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Thursday, 04 June 2020 12:10

CBA launches new Acceptable Use Policy policy on ‘technology-facilitated’ abuse Featured

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The Commonwealth Bank says it is taking steps to address the issue of technology-facilitated abuse to provide a safer banking experience for customers, with the launch of a new Acceptable Use Policy following misuse of its digital banking services.

Australia’s largest bank says that under the new policy, any customer found to be using NetBank or the CommBank app to engage in “unlawful, defamatory, harassing or threatening conduct”, promoting or encouraging physical or mental harm or violence against any person. may have their transactions refused or access to digital banking services suspended or discontinued.

The CBA says financial abuse in the context of domestic and family violence is a hidden epidemic, and approximately one in four women and one in 13 men in Australia have experienced violence by an intimate partner -and among those who seek support, up to 90% are also affected by financial abuse.

“Since 2015, CBA has been working with community organisations and experts to address this issue and better understand what more we can do to help, and where we can have the greatest impact. Over this time, we’ve committed $30 million to this issue, and our experience has given us a first-hand look at how big the need is.”

Catherine Fitzpatrick, General Manager of Community and Customer Vulnerability, said: “The message is simple, we can see you and we won’t tolerate the use of our digital banking platforms to facilitate abuse.

“After noticing disturbing messages in the account of a customer experiencing domestic and family violence, we conducted analysis to better understand the problem.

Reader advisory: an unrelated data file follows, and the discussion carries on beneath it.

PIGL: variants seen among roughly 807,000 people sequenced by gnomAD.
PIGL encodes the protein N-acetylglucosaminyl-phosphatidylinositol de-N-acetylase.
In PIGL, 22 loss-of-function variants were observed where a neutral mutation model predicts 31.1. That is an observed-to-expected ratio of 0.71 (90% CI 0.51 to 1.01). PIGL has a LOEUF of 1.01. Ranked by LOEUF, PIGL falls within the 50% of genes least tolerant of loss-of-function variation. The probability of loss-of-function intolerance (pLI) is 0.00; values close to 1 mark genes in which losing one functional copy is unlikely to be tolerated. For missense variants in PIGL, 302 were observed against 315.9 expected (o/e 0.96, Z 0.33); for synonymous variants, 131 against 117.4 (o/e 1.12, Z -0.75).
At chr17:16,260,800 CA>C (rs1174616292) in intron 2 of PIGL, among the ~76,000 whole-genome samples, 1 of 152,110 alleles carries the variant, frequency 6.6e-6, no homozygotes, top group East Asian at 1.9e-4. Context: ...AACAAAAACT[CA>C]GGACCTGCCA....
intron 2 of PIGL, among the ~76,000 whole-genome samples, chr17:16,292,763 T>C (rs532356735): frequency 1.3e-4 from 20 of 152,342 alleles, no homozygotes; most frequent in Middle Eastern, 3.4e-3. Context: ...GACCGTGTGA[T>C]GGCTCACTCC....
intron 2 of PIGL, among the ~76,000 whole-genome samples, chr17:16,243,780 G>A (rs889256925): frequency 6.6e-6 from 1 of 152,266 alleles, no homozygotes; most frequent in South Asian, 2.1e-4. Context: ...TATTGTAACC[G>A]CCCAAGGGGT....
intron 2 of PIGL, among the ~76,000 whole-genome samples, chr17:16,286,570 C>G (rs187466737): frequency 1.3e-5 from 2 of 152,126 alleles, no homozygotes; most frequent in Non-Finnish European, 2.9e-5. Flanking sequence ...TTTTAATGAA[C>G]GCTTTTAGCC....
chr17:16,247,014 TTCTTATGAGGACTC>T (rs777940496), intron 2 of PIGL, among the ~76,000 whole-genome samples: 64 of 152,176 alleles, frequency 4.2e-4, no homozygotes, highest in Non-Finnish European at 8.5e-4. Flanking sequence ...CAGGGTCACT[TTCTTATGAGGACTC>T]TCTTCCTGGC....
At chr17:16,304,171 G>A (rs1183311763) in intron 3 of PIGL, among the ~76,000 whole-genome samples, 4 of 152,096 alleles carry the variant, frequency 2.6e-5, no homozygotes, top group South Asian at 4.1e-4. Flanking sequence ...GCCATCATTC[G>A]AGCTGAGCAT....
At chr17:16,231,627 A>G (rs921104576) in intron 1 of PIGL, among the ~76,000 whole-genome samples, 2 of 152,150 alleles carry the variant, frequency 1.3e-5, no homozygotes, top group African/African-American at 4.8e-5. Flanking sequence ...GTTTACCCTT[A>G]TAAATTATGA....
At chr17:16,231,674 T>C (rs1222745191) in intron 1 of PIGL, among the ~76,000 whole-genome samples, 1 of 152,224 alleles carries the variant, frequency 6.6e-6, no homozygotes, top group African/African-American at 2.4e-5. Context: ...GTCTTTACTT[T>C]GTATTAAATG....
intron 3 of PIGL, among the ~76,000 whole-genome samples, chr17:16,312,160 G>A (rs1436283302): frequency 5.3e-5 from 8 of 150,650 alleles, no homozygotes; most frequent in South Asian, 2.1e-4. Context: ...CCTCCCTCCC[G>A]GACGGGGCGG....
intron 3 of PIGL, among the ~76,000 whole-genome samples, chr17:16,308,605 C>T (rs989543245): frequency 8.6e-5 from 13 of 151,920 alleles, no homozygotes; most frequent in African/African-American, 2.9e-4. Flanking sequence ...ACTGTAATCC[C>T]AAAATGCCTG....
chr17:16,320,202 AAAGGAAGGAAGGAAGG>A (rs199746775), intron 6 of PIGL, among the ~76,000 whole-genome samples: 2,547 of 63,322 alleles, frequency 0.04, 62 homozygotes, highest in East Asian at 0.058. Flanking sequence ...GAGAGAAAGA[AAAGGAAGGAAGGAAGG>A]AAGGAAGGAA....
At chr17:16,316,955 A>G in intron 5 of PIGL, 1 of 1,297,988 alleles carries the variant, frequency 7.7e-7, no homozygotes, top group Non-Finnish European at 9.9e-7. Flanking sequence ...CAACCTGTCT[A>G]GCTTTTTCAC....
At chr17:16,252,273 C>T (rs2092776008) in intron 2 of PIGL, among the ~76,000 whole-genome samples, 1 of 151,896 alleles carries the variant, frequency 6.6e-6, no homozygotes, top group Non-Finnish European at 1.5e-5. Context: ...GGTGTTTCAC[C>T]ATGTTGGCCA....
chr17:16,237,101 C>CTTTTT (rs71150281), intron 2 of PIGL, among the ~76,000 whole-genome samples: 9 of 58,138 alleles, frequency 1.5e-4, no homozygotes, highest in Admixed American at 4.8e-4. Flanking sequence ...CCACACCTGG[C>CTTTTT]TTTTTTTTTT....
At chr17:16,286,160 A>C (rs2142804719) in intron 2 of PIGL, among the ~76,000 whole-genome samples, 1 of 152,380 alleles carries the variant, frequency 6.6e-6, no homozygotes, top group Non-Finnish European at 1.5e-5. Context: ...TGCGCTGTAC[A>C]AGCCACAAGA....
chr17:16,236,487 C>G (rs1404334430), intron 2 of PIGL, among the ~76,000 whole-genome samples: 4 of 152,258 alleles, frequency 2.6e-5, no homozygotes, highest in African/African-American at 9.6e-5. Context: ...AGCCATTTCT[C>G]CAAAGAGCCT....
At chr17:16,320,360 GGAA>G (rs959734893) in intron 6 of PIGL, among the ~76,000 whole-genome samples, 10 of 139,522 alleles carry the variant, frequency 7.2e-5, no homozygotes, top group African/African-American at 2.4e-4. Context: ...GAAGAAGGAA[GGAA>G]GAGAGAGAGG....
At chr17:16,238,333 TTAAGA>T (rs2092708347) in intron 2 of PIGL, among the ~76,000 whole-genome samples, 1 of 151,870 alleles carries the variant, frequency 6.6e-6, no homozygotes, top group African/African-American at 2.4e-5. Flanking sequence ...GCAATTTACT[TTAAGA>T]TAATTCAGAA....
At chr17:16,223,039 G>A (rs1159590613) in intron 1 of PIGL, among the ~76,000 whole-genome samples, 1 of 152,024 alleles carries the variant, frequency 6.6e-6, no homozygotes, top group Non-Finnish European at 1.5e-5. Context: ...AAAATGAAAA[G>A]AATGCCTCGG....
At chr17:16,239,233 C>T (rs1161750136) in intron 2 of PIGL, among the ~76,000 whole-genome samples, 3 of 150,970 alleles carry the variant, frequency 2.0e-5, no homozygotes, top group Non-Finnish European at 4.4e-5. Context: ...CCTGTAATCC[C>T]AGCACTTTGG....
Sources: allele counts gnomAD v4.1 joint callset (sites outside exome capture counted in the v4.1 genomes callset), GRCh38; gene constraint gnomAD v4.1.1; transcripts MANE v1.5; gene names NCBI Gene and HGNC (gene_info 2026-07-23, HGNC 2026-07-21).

“We were horrified by both the scale and the nature of what we found. In a three month period, we identified more than 8,000 CBA customers who received multiple low-value deposits, often less than $1, with potentially abusive messages in the transaction descriptions – in effect using them as a messaging service. All genders were sending and receiving these messages, but the nature ranged from fairly innocuous ‘jokes’ using profanities to serious threats and clear references to domestic and family violence.

“The new acceptable use policy makes it clear that it is unacceptable to use our digital services to stalk, harass or intimidate any person and if we see this we may refuse transactions or close a perpetrator’s account entirely.

“We worked with experts, community partners and law enforcement to ensure they are aware of what we found and to help us to develop responses that will not have unintended consequences. In particular, we use the e-Safety Commissioner’s Safety by Design framework to guide us.”

“Our customers should always feel safe using digital banking. These changes will ensure that all customers can continue to enjoy the benefits of digital banking in a safe and secure way and represents our first step to address the issue of technology-facilitated abuse.

“We are committed to improving the financial wellbeing of all Australians, including the most vulnerable and those impacted by domestic and financial abuse. We will continue to look for new and innovative ways to protect our customers, and have shared our findings with other banks and financial services organisations to ensure this issue is known across the industry.”


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Peter Dinham

Peter Dinham - retired and is a "volunteer" writer for iTWire. He is a veteran journalist and corporate communications consultant. He has worked as a journalist in all forms of media – newspapers/magazines, radio, television, press agency and now, online – including with the Canberra Times, The Examiner (Tasmania), the ABC and AAP-Reuters. As a freelance journalist he also had articles published in Australian and overseas magazines. He worked in the corporate communications/public relations sector, in-house with an airline, and as a senior executive in Australia of the world’s largest communications consultancy, Burson-Marsteller. He also ran his own communications consultancy and was a co-founder in Australia of the global photographic agency, the Image Bank (now Getty Images).

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